Astronauts 'Spacewalk' Without Spacesuits In Cosmic Prank

Astronauts 'Spacewalk' Without Spacesuits In Cosmic Prank
The three-man crew of the International Space Station plays a cosmic prank on Mission Control on April 1, 2010, April Fool's Day, with a doctored photo of themselves in space without spacesuits. <a href=http://www.space.com/missionlaunches/station-astronauts-prank-100401.html>Full story</a>. (Image credit: NASA)

The three astronauts living aboard the InternationalSpace Station beamed a snapshot of themselves floating in space withoutspacesuits Thursday in an out-of-this-world April Fool's Day prank on MissionControl.

In the fake spacewalk photo, the three astronauts arefloating outside the space station's largest window, waving hello while wearingnothing but t-shirts, slacks and sunglasses.

"You have a real problem, but you know it's outsideour capability to help you," astronaut Shannon Lucid radioed the stationcrew, laughing all the way.

The astronauts told Mission Control not to worry, though.They were indeed wearing sunscreen, eye protection (the sunglasses) and weresecurely tethered in the photo so they wouldn't drift away.

Also, it was all in good fun [howApril Fool's Day began].

"We wanted to welcome you guys to April, andhopefully we brought you guys some smiles and not a lot of nervousness,"station astronaut Timothy "T.J."? Creamer of NASA told MissionControl.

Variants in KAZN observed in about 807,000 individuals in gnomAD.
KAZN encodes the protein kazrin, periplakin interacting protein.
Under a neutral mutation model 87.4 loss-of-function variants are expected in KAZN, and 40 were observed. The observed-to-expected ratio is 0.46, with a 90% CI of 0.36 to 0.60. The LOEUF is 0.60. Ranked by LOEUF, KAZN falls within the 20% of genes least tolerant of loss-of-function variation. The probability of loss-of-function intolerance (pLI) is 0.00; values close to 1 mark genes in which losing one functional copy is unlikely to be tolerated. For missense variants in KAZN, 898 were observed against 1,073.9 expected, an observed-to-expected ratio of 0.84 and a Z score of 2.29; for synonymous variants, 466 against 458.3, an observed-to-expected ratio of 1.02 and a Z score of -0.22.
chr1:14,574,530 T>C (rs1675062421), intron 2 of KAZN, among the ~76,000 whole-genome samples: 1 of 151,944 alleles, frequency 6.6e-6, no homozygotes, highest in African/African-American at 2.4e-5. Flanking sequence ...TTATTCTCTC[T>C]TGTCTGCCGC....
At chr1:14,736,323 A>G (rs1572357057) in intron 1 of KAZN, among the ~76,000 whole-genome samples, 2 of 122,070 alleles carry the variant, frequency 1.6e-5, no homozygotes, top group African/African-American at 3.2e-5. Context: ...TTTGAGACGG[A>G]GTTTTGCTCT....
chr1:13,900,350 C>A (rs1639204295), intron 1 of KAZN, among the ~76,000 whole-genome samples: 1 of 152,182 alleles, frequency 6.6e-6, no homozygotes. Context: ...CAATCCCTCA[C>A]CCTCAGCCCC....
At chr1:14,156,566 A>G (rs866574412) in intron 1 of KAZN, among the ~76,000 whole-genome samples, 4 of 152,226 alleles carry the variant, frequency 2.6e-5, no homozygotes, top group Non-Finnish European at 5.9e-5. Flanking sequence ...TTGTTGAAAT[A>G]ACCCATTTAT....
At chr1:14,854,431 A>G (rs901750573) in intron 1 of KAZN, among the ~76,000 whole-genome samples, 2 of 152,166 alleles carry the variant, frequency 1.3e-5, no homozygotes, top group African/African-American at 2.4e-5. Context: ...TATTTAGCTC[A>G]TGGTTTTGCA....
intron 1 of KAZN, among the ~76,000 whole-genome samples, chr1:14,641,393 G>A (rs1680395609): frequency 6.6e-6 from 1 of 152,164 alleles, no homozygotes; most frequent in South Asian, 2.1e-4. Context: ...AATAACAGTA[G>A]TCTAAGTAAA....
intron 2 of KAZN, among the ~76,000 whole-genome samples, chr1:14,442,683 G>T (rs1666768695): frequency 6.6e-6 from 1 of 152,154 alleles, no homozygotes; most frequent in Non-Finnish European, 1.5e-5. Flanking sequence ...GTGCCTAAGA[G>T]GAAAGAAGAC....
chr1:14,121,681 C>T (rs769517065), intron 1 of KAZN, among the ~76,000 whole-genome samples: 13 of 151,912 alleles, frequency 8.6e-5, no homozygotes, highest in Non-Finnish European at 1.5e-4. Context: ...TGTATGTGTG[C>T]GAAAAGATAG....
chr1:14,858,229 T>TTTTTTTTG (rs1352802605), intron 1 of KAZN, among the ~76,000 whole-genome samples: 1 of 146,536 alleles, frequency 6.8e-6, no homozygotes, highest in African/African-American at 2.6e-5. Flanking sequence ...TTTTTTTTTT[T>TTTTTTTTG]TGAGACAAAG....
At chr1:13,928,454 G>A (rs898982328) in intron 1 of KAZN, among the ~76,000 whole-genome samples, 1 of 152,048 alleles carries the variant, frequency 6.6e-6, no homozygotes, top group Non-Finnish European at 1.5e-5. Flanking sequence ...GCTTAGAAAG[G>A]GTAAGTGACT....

"You brought a lot of laughs, that's for sure,"Lucid replied.

The International Space Station is home to three astronautsfrom three different countries. In addition to Creamer, an American, theoutpost is staffed by Japanese astronaut Soichi Noguchi and Russian cosmonautOleg Kotov, who is commanding their Expedition 23 mission.

Spacejokes aside, the three station astronauts are about to get really busy,really fast.

A Russian Soyuz rocket is set to blastoff early Friday carrying three new members of the space station's crew.Those new additions, two Russians and one American, will arrive on Sunday, oneday before NASA's space shuttle Discovery is due to launch on its own missionto the space station.

If all goes well, Discovery will arrive at the station onApril 7, just days after the Soyuz, during a planned 13-day mission to deliver27,000 pounds of supplies, cargo, science experiments and other gear. Threespacewalks are planned.

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Tariq Malik
Editor-in-Chief

Tariq is the Editor-in-Chief of Space.com and joined the team in 2001, first as an intern and staff writer, and later as an editor. He covers human spaceflight, exploration and space science, as well as skywatching and entertainment. He became Space.com's Managing Editor in 2009 and Editor-in-Chief in 2019. Before joining Space.com, Tariq was a staff reporter for The Los Angeles Times covering education and city beats in La Habra, Fullerton and Huntington Beach. In October 2022, Tariq received the Harry Kolcum Award (opens in new tab) for excellence in space reporting from the National Space Club Florida Committee. He is also an Eagle Scout (yes, he has the Space Exploration merit badge) and went to Space Camp four times as a kid and a fifth time as an adult. He has journalism degrees from the University of Southern California and New York University. You can find Tariq at Space.com and as the co-host to the This Week In Space podcast (opens in new tab) with space historian Rod Pyle on the TWiT network (opens in new tab). To see his latest project, you can follow Tariq on Twitter @tariqjmalik (opens in new tab).